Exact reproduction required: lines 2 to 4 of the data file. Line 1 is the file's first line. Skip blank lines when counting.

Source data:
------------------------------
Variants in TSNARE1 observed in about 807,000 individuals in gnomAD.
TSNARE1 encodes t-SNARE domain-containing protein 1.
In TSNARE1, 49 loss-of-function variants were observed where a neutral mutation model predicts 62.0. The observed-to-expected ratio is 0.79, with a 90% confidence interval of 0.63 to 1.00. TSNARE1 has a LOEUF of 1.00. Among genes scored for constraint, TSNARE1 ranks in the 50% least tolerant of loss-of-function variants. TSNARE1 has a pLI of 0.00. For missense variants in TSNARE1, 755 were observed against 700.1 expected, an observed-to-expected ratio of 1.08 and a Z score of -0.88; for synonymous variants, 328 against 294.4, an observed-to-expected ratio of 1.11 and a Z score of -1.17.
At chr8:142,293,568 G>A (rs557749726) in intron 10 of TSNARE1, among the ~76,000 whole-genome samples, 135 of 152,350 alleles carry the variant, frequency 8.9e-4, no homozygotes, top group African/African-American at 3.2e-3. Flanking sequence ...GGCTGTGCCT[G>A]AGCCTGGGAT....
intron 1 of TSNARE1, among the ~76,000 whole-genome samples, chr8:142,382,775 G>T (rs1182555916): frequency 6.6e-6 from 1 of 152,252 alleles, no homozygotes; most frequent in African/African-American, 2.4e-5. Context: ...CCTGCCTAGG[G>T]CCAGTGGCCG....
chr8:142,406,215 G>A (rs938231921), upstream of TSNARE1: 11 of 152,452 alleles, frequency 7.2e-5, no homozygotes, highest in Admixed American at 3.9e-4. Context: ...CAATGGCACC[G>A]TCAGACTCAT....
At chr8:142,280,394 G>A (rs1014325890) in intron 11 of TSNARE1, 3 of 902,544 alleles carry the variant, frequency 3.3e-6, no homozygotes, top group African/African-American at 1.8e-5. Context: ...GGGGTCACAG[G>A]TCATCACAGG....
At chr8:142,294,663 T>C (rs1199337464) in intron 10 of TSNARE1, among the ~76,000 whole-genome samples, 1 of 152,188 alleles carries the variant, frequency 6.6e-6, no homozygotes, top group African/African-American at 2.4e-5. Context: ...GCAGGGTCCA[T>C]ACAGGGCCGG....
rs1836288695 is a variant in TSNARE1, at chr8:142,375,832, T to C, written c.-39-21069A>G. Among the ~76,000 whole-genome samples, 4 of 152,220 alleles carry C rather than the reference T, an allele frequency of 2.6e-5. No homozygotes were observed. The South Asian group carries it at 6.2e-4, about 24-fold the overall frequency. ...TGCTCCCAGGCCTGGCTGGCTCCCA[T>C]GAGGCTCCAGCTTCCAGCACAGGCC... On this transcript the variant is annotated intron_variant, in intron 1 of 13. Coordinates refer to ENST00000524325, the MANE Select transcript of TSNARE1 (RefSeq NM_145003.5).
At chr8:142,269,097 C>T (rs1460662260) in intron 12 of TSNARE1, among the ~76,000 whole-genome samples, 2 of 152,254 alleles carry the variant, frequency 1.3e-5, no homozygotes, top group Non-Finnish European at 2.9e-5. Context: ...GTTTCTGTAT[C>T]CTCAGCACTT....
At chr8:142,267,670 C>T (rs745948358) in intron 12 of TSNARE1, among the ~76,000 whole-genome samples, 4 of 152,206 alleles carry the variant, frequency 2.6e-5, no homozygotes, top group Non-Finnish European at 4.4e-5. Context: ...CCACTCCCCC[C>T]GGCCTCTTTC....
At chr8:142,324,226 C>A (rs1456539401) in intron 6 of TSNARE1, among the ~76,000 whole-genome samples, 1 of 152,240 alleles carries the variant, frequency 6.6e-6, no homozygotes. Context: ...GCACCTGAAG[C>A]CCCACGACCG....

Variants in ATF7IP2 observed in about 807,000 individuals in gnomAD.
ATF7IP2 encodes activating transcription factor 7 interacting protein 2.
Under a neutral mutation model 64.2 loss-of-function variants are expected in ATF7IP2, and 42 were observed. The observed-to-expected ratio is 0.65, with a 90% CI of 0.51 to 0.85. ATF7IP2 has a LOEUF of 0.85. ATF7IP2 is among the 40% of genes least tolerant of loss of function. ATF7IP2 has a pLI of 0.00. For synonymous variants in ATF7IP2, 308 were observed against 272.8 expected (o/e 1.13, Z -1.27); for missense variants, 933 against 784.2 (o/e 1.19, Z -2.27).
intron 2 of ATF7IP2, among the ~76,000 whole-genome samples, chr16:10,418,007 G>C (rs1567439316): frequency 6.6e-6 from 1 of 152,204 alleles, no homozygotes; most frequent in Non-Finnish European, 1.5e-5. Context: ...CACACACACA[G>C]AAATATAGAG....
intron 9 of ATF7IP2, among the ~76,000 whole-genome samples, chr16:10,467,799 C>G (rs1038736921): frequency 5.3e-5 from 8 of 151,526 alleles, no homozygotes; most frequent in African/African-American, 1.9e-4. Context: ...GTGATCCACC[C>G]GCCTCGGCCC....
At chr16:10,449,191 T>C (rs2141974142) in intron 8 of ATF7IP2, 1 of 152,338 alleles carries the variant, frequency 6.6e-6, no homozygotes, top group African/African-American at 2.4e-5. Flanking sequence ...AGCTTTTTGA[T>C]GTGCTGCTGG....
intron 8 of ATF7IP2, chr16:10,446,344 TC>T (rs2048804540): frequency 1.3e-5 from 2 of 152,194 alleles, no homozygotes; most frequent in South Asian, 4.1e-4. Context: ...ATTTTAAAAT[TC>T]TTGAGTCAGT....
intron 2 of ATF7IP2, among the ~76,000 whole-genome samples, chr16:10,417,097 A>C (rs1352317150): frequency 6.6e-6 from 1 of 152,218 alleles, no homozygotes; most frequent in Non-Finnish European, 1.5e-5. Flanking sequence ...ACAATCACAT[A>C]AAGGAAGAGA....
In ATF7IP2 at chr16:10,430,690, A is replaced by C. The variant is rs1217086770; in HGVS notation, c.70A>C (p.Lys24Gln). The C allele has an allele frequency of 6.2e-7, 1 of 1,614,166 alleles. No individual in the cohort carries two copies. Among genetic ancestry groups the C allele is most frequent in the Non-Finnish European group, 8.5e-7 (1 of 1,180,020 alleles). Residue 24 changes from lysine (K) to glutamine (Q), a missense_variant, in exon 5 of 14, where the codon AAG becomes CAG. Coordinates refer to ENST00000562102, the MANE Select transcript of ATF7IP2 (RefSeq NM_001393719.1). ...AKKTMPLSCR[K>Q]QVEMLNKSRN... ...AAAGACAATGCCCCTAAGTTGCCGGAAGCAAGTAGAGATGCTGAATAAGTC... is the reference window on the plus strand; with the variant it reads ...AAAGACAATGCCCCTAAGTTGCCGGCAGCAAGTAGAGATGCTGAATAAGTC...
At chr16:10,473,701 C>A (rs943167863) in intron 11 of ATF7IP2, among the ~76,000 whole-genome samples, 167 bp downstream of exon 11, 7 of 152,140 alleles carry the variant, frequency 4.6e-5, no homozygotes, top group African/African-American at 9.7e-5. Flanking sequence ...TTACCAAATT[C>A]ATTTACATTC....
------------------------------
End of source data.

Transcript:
TSNARE1 encodes t-SNARE domain-containing protein 1.
In TSNARE1, 49 loss-of-function variants were observed where a neutral mutation model predicts 62.0. The observed-to-expected ratio is 0.79, with a 90% confidence interval of 0.63 to 1.00. TSNARE1 has a LOEUF of 1.00. Among genes scored for constraint, TSNARE1 ranks in the 50% least tolerant of loss-of-function variants. TSNARE1 has a pLI of 0.00. For missense variants in TSNARE1, 755 were observed against 700.1 expected, an observed-to-expected ratio of 1.08 and a Z score of -0.88; for synonymous variants, 328 against 294.4, an observed-to-expected ratio of 1.11 and a Z score of -1.17.
At chr8:142,293,568 G>A (rs557749726) in intron 10 of TSNARE1, among the ~76,000 whole-genome samples, 135 of 152,350 alleles carry the variant, frequency 8.9e-4, no homozygotes, top group African/African-American at 3.2e-3. Flanking sequence ...GGCTGTGCCT[G>A]AGCCTGGGAT....